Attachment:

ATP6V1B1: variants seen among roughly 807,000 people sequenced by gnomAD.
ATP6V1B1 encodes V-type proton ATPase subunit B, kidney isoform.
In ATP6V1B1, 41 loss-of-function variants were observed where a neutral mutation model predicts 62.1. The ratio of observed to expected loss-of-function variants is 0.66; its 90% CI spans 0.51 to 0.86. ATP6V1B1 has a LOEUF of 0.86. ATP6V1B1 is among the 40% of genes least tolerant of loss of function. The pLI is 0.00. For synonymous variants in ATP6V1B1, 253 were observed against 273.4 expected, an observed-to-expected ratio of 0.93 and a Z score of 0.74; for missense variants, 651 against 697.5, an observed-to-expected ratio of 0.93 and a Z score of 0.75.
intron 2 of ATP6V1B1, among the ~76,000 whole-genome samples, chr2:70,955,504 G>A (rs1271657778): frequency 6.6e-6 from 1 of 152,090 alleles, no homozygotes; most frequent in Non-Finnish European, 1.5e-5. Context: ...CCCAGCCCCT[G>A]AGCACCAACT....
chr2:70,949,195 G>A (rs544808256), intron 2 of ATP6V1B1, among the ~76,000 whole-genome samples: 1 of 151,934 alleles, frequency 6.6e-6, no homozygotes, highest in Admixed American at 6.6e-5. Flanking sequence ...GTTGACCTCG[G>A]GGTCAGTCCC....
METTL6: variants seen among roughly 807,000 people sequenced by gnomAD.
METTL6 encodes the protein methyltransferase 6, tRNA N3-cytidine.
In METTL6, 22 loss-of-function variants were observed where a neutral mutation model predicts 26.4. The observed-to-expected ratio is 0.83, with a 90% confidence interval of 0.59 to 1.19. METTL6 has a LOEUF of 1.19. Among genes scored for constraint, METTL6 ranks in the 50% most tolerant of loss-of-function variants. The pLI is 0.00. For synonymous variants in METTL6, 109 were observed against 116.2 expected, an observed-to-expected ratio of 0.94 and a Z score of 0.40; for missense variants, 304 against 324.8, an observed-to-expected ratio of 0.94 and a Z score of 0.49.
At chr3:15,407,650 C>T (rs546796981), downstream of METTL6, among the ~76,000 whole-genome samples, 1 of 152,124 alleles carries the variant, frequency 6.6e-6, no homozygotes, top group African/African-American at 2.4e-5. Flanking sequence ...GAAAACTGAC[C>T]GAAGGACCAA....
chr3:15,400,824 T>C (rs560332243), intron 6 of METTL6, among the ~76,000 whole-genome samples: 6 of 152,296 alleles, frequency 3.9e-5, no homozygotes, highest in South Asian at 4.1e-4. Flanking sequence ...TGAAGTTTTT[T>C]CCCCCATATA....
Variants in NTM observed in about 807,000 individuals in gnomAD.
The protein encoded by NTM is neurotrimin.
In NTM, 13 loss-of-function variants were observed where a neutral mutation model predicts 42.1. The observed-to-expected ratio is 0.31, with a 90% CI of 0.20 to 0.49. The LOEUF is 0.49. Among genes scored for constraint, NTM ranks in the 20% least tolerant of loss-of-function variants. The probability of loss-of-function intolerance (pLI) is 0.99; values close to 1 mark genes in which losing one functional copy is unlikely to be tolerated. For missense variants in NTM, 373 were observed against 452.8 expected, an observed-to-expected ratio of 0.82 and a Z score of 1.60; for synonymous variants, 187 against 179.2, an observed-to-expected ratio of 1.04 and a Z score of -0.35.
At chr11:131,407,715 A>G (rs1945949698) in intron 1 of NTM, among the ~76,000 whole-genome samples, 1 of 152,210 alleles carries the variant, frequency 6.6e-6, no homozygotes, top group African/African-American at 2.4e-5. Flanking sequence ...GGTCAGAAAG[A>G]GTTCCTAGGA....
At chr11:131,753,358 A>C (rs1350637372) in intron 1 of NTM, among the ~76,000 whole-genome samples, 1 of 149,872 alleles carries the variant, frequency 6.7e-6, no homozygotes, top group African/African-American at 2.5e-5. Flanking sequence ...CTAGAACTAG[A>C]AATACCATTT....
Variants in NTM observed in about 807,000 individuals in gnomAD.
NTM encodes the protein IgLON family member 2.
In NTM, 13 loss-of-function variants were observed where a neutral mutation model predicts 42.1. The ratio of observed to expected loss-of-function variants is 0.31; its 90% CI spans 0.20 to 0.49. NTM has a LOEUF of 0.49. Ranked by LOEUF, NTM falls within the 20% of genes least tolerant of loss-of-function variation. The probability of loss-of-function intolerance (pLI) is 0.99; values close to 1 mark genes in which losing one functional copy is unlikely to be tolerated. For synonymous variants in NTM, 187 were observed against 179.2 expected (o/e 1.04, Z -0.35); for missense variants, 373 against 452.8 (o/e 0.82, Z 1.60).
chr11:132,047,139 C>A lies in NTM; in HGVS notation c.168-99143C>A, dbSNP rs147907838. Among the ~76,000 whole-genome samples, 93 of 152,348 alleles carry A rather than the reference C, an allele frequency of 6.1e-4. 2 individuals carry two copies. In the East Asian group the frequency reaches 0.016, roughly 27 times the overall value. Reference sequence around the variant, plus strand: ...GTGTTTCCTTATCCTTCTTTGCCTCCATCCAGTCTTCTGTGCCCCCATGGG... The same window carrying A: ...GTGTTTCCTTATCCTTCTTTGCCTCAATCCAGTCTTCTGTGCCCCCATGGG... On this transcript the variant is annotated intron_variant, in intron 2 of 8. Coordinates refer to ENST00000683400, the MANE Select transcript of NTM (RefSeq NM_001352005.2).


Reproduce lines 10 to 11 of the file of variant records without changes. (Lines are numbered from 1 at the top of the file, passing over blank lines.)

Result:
chr3:15,400,824 T>C (rs560332243), intron 6 of METTL6, among the ~76,000 whole-genome samples: 6 of 152,296 alleles, frequency 3.9e-5, no homozygotes, highest in South Asian at 4.1e-4. Flanking sequence ...TGAAGTTTTT[T>C]CCCCCATATA....
Variants in NTM observed in about 807,000 individuals in gnomAD.